TL;DR at the end of the post.
/!\ Update: Added the example of Rob Scallon, blader & musician.
People in the Rollerblading scene sure love Vimeo.
Why? For a single reason, (unlike Youtube) Vimeo allows the use of copyrighted songs without restriction. You can use your favorite music in your latest edits and no Major Music Company will be able to do anything.
This may change in the future, if anything close to the SOPA or PIPA get accepted. Websites like Vimeo would just close.
Bladers massively migrated from Youtube to Vimeo after October 2007 when Vimeo was the first to get Hi Definition Support ; Youtube was really late on this, you had to wait until December 2008 (14 months later) to get access to hi quality videos.
In 2012, HD is supported on every streaming platforms, staying on Vimeo for bladers might be a mistake. Why?
You may remember the Youtube clip Charlie bit my finger, a viral clip of a child biting his brother. The family who uploaded the video earned more than £100,000 (around 155 680 US $), the video was viewed 392 million times at the time of the article.
Take the ATL Waterpark Section from Black Market. This video was viewed more than 2,695,000 times in 17 months. Basic mathematics tell me that the guy who uploaded this cashed about 1000$ (or he didn’t check his youtube messages & must be really mad now).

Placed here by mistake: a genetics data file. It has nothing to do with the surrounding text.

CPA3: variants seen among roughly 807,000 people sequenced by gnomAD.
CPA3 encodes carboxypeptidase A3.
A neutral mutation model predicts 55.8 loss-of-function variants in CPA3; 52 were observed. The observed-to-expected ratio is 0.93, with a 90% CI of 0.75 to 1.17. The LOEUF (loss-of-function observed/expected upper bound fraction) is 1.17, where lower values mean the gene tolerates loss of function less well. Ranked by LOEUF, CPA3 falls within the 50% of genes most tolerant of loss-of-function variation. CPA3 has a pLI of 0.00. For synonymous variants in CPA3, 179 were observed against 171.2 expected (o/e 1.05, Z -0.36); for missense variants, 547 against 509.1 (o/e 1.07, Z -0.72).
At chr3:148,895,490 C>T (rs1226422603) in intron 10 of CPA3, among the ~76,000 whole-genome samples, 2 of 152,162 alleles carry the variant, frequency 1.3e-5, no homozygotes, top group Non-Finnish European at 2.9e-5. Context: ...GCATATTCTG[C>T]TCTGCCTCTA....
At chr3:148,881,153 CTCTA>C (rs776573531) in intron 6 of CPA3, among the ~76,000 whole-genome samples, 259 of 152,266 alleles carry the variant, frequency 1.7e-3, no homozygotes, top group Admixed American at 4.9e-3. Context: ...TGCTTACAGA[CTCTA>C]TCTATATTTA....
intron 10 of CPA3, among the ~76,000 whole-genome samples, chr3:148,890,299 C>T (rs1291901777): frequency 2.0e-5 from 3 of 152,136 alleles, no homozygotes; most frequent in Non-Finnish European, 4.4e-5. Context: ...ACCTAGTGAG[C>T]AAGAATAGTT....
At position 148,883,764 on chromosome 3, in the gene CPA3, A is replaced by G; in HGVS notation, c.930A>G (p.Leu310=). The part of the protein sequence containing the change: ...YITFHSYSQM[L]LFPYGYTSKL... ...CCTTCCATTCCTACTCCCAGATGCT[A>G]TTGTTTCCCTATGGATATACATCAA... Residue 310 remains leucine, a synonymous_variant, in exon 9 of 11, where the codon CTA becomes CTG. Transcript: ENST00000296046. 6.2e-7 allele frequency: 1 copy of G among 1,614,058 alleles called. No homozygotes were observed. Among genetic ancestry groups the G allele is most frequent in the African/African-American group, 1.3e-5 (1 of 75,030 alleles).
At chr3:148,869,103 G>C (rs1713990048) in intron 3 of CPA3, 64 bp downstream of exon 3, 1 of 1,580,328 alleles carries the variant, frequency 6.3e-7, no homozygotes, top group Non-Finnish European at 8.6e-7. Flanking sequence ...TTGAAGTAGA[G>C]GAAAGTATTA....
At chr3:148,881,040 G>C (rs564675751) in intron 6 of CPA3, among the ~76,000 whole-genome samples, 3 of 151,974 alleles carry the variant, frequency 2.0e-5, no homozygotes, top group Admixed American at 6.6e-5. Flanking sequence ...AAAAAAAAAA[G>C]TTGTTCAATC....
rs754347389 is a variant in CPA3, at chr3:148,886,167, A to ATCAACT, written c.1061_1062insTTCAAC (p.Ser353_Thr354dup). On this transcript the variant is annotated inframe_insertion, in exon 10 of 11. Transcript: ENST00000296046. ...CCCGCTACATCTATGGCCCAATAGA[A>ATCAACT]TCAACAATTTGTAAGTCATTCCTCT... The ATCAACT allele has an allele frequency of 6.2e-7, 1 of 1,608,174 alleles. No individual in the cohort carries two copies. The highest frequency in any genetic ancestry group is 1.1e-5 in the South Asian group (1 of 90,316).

Black Market, ATL Waterpark Section:
2,695,000+ Views in 17 months.
Of course most blading videos won’t reach 2 millions views. This one went viral but skaters surely can earn some royalties with their work that way (most videos on Youtube get monetized once your reached the 10k views cap).
On Vimeo even the most popular blading videos won’t reach 100k views. The most viewed video of the WRS Uploaded Contest (the Nils Jansons Section) only reached 75k views.
There are 2 exceptions to this: the Greg Mirzoyan Salt Mine Clip (965k views, the video was featured on the main page of Reddit) & the Razor Swag Edit by Vinny Minton (149k views, the video was tweeted by Greg Yaitanes, the executive producer and director of HOUSE MD season 7).
Some popular blading videos on Youtube:
Note that each of those videos are posted several times on Youtube.
- Brian Aragon – Ego (664k views).
- Julian Bah – Masters Of Delusion (634k views).
- Chris Haffey – Killerboots (608k views).
- Alex Broskow – KFC (440k views).
- Chris Farmer – The Meantime (288k views).
I’m surprised that the owners of those videos don’t claim their work (like VEVO does with his musicvideos), rehost better quality versions on their account and earn 3-4k dollars per year. If you can prove Youtube that these videos are yours, they will just take the mirrors down.
Some brands choosed to stay on Youtube and this is good, they are getting some income from their work:
On Vimeo, you get less views because the only one watching your videos are actually bladers. There are no viral effect on Vimeo, the only way for your video to get exposure on Vimeo is the Staff Pick Section which feature video on their index. In more than 4 years, Vimeo never featured a single blading video although almost all the community post their work on their website.